RE: Ahh, you sheeples
By Dug on 8/8/2012 1:38:28 PM , Rating: 1
Ah yes, because no one has an Amazon account tied to a Google account tied to their Android.

Keep being proud there buddy. BTW no one has to sync multiple Apple devices. But I guess you wouldn't know that.


Confused
By really on 8/7/2012 1:14:47 PM , Rating: 2
I'm a little confused. How did the hacker get all of this guys various user accounts just from getting a 4 digit partial cc # from Amazon. Does Amazon use a common logon with Apple?

Once he got the apple account reset how did that give him access to twitter? Did he add a new phone to the iCloud and then do a restore to get all the guys info. So man bits of missing info here.




RE: Confused
By Brandon Hill (blog) on 8/7/2012 1:32:02 PM , Rating: 2
http://www.wired.com/gadgetlab/2012/08/apple-amazo...

quote:
In many ways, this was all my fault. My accounts were daisy-chained together. Getting into Amazon let my hackers get into my Apple ID account, which helped them get into Gmail, which gave them access to Twitter. Had I used two-factor authentication for my Google account, it’s possible that none of this would have happened, because their ultimate goal was always to take over my Twitter account and wreak havoc. Lulz.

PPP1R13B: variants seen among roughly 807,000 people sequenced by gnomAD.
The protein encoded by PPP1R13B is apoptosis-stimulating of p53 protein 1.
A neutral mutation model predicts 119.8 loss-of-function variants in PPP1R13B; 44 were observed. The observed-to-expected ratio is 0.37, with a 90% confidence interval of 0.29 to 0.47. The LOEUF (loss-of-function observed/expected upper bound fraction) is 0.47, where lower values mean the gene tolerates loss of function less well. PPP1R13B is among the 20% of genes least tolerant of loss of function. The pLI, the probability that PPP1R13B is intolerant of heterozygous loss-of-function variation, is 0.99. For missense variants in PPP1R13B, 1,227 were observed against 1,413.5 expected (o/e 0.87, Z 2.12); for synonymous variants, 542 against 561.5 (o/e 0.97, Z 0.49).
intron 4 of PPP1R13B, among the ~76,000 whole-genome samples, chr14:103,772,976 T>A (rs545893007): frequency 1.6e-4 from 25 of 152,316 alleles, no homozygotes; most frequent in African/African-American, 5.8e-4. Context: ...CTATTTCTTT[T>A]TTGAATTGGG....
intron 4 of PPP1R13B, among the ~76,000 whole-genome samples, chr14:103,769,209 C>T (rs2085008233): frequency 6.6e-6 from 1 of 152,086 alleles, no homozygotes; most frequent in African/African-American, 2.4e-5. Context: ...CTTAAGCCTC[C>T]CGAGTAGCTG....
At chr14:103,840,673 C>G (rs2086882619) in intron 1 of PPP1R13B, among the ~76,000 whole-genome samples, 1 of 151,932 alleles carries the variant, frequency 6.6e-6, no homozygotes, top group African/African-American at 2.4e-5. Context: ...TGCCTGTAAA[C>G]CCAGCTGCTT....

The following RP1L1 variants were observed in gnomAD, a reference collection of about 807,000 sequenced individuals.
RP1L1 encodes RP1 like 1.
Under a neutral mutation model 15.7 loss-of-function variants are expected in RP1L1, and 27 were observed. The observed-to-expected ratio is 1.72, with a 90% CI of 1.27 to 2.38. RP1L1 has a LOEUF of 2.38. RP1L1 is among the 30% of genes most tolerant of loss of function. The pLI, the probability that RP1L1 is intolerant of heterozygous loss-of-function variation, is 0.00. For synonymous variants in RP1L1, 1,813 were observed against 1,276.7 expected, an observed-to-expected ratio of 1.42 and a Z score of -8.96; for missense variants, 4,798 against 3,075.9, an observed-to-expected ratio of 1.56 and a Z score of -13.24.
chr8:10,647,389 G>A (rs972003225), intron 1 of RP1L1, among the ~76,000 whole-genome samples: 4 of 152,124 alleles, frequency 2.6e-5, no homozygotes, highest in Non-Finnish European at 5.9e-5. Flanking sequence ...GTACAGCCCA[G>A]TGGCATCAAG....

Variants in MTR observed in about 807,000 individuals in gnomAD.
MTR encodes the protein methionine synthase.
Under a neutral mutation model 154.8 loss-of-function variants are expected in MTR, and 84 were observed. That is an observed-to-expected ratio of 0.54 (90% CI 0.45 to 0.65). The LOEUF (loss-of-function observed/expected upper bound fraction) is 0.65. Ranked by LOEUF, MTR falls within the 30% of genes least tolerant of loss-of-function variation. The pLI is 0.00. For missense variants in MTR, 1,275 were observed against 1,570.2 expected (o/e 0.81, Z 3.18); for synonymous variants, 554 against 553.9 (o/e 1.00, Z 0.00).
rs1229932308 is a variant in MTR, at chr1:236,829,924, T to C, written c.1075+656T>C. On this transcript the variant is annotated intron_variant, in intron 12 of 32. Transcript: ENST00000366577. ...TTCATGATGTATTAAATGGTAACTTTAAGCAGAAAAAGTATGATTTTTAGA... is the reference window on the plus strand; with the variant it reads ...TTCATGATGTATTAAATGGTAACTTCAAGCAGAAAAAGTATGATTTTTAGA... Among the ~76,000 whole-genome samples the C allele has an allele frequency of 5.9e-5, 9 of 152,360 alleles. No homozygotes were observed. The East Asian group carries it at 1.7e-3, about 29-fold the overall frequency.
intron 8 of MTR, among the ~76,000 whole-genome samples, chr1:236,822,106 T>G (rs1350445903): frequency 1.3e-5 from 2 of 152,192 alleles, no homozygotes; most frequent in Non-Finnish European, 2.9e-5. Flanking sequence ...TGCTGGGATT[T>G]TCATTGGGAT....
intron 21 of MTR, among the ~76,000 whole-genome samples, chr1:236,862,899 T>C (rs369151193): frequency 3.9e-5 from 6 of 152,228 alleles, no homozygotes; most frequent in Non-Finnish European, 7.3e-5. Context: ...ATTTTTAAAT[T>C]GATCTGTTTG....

You have to read the whole story. It's quite an elaborate attack


RE: Confused
By really on 8/7/2012 1:49:06 PM , Rating: 2
Thank you Sir! This is why I don't use other sites authentication. For example using an app or website and it allows you to conveniently use your facebook account as your login for their site. While it is convenient for you it is also convenient for someone trying to get all your info.

1. Use strong passwords (never use words found in the dictionary these are the easiest to hack)
2. Use different passwords and possibly usernames for each website(as hard as it is to keep track of)
3. If you have to reset your password for a site make sure you change the password from the one they give you. Otherwise if your email account gets hacked they now have your other passwords.